Housing Production Falls as Costs Climb
Housing production decreased 9.5 percent in April to a seasonally adjusted annual rate of 1.57 million units, according to a report from the U.S. Department of Housing and Urban Development and the U.S. Census Bureau.
The April reading of 1.57 million starts is the number of housing units builders would begin if development kept this pace for the next 12 months. Within this overall number, single-family starts decreased 13.4 percent to a 1.09 million seasonally adjusted annual rate. The multifamily sector, which includes apartment buildings and condos, increased 0.8 percent to a 482,000 pace.
"Housing starts and permits posted a monthly decline in April, as escalating prices for lumber and other building materials price out some home buyers from an otherwise hot housing market," says Chuck Fowke, NAHB chairman. "Policymakers need to prioritize the U.S. supply chain for items like building materials to ensure builders can add the additional inventory the housing market desperately needs."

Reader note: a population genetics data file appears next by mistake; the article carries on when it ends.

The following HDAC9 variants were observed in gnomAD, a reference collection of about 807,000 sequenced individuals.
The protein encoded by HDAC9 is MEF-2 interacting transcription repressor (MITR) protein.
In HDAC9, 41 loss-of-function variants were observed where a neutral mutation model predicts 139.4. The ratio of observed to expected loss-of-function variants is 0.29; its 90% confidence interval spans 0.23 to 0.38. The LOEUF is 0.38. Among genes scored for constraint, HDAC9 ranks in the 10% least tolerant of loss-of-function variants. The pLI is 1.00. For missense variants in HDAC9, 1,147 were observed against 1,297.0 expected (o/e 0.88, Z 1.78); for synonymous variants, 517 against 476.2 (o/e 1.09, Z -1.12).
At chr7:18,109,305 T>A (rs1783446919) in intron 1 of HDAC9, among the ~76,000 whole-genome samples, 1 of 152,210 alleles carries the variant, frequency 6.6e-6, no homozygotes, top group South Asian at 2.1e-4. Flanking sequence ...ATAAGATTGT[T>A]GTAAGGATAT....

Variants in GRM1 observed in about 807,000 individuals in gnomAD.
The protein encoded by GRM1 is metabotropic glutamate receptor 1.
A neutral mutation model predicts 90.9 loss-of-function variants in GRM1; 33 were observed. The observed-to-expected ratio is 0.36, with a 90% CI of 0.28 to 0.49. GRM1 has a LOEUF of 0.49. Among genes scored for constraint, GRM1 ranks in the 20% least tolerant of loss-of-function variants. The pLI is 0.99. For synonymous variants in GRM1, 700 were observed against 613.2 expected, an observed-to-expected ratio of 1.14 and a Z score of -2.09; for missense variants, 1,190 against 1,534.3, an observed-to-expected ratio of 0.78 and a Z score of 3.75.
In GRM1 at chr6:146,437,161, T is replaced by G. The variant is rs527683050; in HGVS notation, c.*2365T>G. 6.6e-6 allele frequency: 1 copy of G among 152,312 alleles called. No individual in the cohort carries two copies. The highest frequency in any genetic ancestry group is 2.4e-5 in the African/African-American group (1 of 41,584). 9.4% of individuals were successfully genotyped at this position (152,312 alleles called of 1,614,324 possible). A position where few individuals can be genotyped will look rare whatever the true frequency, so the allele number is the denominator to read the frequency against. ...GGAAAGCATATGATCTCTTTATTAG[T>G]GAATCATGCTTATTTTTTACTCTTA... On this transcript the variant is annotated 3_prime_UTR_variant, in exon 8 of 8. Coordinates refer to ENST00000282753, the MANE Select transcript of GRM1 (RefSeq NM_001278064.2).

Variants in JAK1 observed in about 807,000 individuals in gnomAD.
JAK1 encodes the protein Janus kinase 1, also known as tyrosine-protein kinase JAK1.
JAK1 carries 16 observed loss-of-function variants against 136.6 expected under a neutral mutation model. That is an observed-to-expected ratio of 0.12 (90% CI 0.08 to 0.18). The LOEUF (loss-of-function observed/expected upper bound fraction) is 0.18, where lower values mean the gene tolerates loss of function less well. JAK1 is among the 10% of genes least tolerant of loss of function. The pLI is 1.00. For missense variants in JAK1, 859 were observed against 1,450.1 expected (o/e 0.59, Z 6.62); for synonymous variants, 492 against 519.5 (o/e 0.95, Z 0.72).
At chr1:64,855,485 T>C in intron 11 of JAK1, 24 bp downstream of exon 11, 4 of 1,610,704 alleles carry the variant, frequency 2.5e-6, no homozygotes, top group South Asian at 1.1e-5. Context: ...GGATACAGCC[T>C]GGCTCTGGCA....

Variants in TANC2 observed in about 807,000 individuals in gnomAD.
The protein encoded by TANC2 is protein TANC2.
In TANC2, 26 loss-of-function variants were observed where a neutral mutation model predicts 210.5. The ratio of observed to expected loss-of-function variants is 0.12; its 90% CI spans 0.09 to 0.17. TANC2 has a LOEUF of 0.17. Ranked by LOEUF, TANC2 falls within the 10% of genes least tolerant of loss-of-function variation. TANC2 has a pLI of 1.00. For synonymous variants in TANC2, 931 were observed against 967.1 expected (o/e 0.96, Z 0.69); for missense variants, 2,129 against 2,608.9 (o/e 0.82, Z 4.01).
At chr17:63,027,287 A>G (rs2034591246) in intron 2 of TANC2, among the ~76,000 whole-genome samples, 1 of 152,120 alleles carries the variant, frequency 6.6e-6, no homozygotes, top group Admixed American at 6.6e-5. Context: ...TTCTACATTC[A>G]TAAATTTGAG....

"The decline in single-family permits indicates that builders are slowing construction activity as costs rise," says Robert Dietz, NAHB chief economist. "While housing starts were strong at the beginning of the year, due to home builders constructing homes that were sold pre-construction, higher costs and limited availability of building materials have now paused some projects."
Overall permits increased 0.3 percent to a 1.76 million unit annualized rate in April. Single-family permits decreased 3.8 percent to a 1.15 million unit rate. Multifamily permits increased 8.9 percent to a 611,000 pace.
The number of single-family homes permitted but not started construction continued to increase in April, rising to 131,000 units. This is 47 percent higher than a year ago.